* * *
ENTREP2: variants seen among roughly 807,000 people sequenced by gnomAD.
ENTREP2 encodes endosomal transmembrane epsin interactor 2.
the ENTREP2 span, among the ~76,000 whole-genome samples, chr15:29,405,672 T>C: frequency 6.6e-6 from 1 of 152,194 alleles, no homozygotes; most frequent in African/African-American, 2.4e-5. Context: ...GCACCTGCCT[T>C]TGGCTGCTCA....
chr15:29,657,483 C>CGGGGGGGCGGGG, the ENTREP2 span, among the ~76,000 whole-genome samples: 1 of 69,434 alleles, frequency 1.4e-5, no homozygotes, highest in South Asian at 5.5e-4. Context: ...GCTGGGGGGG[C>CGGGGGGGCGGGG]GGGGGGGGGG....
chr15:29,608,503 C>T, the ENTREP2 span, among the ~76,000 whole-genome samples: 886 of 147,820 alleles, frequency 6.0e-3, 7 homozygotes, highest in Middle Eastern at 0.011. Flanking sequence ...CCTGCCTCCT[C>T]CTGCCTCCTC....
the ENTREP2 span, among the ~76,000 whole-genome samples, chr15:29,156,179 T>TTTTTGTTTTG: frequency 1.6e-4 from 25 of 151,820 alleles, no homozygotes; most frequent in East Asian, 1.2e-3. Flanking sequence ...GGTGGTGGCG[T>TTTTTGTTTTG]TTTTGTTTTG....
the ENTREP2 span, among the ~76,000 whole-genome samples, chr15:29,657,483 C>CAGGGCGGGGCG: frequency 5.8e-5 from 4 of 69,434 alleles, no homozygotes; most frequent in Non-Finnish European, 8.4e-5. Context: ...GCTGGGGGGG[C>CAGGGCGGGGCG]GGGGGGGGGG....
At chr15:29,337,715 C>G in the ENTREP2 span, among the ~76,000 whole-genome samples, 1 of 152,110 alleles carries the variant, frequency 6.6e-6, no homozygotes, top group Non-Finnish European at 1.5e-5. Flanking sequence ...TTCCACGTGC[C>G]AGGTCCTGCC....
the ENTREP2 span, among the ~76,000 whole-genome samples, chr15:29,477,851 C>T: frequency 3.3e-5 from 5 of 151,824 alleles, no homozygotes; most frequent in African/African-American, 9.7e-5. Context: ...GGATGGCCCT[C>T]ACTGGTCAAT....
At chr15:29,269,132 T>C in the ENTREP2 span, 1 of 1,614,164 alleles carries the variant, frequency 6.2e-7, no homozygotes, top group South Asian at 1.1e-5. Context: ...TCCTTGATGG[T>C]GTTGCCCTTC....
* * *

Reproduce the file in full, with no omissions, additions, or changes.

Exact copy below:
ENTREP2: variants seen among roughly 807,000 people sequenced by gnomAD.
ENTREP2 encodes endosomal transmembrane epsin interactor 2.
the ENTREP2 span, among the ~76,000 whole-genome samples, chr15:29,405,672 T>C: frequency 6.6e-6 from 1 of 152,194 alleles, no homozygotes; most frequent in African/African-American, 2.4e-5. Context: ...GCACCTGCCT[T>C]TGGCTGCTCA....
chr15:29,657,483 C>CGGGGGGGCGGGG, the ENTREP2 span, among the ~76,000 whole-genome samples: 1 of 69,434 alleles, frequency 1.4e-5, no homozygotes, highest in South Asian at 5.5e-4. Context: ...GCTGGGGGGG[C>CGGGGGGGCGGGG]GGGGGGGGGG....
chr15:29,608,503 C>T, the ENTREP2 span, among the ~76,000 whole-genome samples: 886 of 147,820 alleles, frequency 6.0e-3, 7 homozygotes, highest in Middle Eastern at 0.011. Flanking sequence ...CCTGCCTCCT[C>T]CTGCCTCCTC....
the ENTREP2 span, among the ~76,000 whole-genome samples, chr15:29,156,179 T>TTTTTGTTTTG: frequency 1.6e-4 from 25 of 151,820 alleles, no homozygotes; most frequent in East Asian, 1.2e-3. Flanking sequence ...GGTGGTGGCG[T>TTTTTGTTTTG]TTTTGTTTTG....
the ENTREP2 span, among the ~76,000 whole-genome samples, chr15:29,657,483 C>CAGGGCGGGGCG: frequency 5.8e-5 from 4 of 69,434 alleles, no homozygotes; most frequent in Non-Finnish European, 8.4e-5. Context: ...GCTGGGGGGG[C>CAGGGCGGGGCG]GGGGGGGGGG....
At chr15:29,337,715 C>G in the ENTREP2 span, among the ~76,000 whole-genome samples, 1 of 152,110 alleles carries the variant, frequency 6.6e-6, no homozygotes, top group Non-Finnish European at 1.5e-5. Flanking sequence ...TTCCACGTGC[C>G]AGGTCCTGCC....
the ENTREP2 span, among the ~76,000 whole-genome samples, chr15:29,477,851 C>T: frequency 3.3e-5 from 5 of 151,824 alleles, no homozygotes; most frequent in African/African-American, 9.7e-5. Context: ...GGATGGCCCT[C>T]ACTGGTCAAT....
At chr15:29,269,132 T>C in the ENTREP2 span, 1 of 1,614,164 alleles carries the variant, frequency 6.2e-7, no homozygotes, top group South Asian at 1.1e-5. Context: ...TCCTTGATGG[T>C]GTTGCCCTTC....